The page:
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A Fat Dude’s Guide for Fat Dudes at the Gym

GQ logo GQ 5 days ago Gianluca Russo
a table topped with a blue background © Matt Martin

For larger gentlemen—full disclosure, a group of which I am a member—signing off on a gym membership is a little different than it is for our Nike mannequin-esque brethren. No matter how enthusiastic you may be about getting in shape, your mind probably keeps coming back to some version of the nagging question: Is everyone here gonna judge me, or what? Going to the gym, a place that shines a harsh spotlight on the thing we're here to change about ourselves, is not just mindless chore; it’s a tiny act of courage.

Not knowing what to expect—and, thus, letting your nervous imagination run a little wild—is normal for my fellow fat dudes. The good news is that it is also preventable. For help, we asked a few experts for their best advice on how bigger dudes can begin their exciting new lives as diligent gym-goers.

Shop around

Before buying your new fitness home, rent first. Every gym has a different vibe: Some are terrifying palaces of Baywatch models and Pumping Iron drones, while others are dependable hangouts for people will grab a beer (or three) after the pickup run. Celebrity trainer Alec Penix suggests finding somewhere that’s more mellow at first, where you can keep to yourself until you've got your swagger. Think Vince Vaughn in a yellow dodgeball uniform, not Ben Stiller in a muscle suit with an inflatable crotch.

Also, from a practical perspective, consider the time of day when you're going to exercise. If you want to start slow and are lucky enough to have a flexible schedule, avoid the early mornings and after-work hours, when the place will be packed. Another great option: late nights. Running on the treadmill is a workout, but laughing at Colbert's monologue while you’re running on the treadmill is the kind of thing that can really kick your butt.

You don't need new a new wardrobe

Most brands don’t sell activewear in plus-sizes, and chafing is awful. But the performance fabric craze is a relatively new thing in fitness, and before that, people were just fine working out in regular old cotton. You will be, too. Ditch the compression shorts and opt for sweatpants. You know who wore sweats when he worked out? Rocky. A WORLD CHAMPION. WOULD ROCKY LEAD YOU ASTRAY?

The same principle applies to shoes: Your basic pair of tennis shoes are fine. There’s no need to get the most expensive pairs of cross-trainers on the market in order to lift weights, jog, or ride an exercise bike. Besides, if you get too hung up on what you’re wearing and how you look, you’re likelier to decide not to go at all, which is bad.

“Finding something in which you can move freely and feel comfortable is the most important factor,” said weight loss specialist Jordan Grahm, who became a personal trainer after losing over 200 pounds himself. “The gym is not a fashion show.” Unless, at some point down the road, you want it to be: “Getting fresh new workout gear can be an excellent motivator.”

Strength in numbers

It can be lonesome out there on the elliptical, halfheartedly listening to the true crime podcast you’ve been meaning to catch up on, willing the timer to reach triple zeroes. Find some friends to take this journey with you! Group classes are an easy way to blend in, especially when you’re still finding your speed: spin class, pilates, kickboxing, interval training, Zumba, and so on. (Do not knock Zumba until you have tried it.)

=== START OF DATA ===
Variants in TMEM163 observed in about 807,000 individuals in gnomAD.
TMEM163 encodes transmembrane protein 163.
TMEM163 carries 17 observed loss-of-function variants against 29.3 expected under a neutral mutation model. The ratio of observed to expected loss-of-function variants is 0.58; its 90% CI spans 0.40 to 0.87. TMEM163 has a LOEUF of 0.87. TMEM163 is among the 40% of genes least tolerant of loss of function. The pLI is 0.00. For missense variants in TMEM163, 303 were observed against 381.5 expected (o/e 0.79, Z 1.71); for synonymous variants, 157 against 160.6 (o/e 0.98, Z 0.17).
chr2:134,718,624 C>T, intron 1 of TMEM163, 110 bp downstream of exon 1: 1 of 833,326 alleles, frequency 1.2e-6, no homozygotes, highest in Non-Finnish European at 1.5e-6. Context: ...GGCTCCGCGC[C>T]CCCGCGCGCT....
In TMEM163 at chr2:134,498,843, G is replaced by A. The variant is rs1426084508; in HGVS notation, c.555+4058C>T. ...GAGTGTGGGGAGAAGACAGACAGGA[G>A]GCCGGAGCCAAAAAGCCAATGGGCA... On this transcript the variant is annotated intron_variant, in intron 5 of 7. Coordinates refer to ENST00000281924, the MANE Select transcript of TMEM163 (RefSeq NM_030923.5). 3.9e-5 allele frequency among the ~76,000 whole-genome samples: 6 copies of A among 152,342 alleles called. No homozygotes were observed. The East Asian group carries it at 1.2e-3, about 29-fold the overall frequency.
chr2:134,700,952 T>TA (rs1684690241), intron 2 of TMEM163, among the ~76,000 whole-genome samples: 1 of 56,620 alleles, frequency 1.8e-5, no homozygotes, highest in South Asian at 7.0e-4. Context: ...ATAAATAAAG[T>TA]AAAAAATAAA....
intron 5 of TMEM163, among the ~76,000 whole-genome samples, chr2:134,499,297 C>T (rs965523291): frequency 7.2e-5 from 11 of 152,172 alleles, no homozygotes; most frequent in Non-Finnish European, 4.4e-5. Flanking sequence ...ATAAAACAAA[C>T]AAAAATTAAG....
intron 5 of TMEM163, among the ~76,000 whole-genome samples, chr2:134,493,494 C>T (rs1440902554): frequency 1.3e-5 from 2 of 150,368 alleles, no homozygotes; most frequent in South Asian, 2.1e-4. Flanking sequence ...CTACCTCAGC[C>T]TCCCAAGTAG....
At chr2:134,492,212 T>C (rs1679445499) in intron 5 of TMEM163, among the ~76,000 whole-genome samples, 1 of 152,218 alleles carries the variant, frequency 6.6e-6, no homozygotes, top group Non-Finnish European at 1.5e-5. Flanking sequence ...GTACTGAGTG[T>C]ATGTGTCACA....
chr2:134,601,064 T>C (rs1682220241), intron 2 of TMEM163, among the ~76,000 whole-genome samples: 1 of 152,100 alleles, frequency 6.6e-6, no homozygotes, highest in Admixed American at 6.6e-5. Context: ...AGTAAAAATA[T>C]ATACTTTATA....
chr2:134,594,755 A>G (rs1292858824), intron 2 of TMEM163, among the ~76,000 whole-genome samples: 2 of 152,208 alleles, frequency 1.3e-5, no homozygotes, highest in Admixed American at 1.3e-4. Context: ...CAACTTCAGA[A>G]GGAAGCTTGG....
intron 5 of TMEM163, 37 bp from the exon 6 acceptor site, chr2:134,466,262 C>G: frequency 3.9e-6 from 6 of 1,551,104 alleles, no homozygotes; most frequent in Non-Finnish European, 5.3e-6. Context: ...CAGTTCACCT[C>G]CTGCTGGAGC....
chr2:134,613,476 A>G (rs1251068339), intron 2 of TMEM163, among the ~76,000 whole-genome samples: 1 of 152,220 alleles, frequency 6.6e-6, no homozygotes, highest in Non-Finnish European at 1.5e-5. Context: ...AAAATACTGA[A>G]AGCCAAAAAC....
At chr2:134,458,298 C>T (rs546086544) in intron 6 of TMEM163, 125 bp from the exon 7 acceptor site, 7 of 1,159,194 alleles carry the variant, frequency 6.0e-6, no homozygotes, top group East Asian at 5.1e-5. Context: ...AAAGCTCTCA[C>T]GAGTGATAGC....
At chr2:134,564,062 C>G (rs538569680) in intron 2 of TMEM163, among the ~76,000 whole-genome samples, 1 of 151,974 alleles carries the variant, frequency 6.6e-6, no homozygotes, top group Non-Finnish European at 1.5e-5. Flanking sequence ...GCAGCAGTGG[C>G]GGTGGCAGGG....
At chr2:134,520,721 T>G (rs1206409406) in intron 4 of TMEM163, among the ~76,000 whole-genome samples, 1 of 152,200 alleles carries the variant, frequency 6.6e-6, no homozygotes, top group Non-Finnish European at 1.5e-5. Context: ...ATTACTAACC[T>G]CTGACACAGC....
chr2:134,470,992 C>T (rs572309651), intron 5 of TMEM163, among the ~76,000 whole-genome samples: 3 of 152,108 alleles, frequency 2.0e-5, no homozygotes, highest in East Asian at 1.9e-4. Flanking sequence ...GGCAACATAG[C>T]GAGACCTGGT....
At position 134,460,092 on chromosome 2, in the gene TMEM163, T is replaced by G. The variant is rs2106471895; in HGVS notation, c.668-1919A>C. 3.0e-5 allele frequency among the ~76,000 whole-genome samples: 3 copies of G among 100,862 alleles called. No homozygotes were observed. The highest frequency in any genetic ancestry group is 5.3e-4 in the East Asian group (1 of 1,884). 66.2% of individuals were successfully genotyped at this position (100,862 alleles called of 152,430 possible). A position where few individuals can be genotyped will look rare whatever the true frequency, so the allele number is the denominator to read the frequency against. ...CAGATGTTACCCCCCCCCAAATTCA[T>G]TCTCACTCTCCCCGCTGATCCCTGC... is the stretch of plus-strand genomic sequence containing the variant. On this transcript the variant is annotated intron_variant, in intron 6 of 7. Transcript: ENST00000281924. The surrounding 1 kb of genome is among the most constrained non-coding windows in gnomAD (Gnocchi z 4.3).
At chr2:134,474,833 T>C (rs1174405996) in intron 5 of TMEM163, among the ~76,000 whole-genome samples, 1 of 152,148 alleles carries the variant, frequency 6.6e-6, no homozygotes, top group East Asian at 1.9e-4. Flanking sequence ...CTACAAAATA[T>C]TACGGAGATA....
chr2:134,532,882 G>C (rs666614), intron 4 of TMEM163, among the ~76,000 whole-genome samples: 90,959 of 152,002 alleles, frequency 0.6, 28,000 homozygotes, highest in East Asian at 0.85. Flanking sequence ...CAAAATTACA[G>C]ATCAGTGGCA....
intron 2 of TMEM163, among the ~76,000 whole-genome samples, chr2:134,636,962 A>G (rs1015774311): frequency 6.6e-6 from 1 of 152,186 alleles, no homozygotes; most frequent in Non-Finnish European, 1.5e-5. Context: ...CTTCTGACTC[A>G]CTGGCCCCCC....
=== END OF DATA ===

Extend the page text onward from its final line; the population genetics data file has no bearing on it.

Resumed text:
If you’re shy, remember that it’s impossible for anyone to be looking at you when they're all staring at a Zumba instructor and trying to figure out what the hell to do next. This setting also gives you the opportunity to make gym buddies to whom you'll start to feel accountable. These social ties are important, because they'll keep you coming back to the gym at times when you otherwise wouldn’t feel like going.

Hire some help

If you’re investing time and money in a gym membership, invest the time and money into learning what to do with it. “A good trainer will be knowledgeable and nonjudgmental, and should provide you with support between sessions if required,” says personal trainer Hannah Lewin. They may also customize a diet plan, and lay out a schedule for accomplishing your medium- and long-term goals.

You probably don’t need to spend as much as you think—somewhere in the $50-$70 range is a good price point. If it’s not a fit after, say, three sessions, try someone else. But there’s no reason you need to spend $300 per session. You’re not Zac Efron. (Yet.)

Think big picture

It's cool of you want to lose weight. But should anyone ask you why you’re there, though, don’t say that. Tell them you want to be more active, and to change your lifestyle.

This might seem like semantics. But fitness is a long-term commitment, and measuring your progress only by a number sets you up for failure. (If you’re plopping yourself on the scale each morning, you’re bound to end up feeling frustrated when the results start fluctuating.) Instead, keep track of how your clothes feel, and how your body measurements change, and how you feel about your overall health. If the pounds don’t disappear at the rate you think they should, these other metrics will help you remember that your hard work is still paying off.

Remember: No one cares if you're fat

Remember those nagging questions? The ones about what everyone around you thinks? Here is an important secret: One thing all gym-goers have in common is that they are focused on themselves. (And their true crime podcast.) Like you, they want to get in, do the thing they’re supposed to do, and get on with their lives. So worry a little less. Besides, your body, your business.

Don’t forget to make a playlist.


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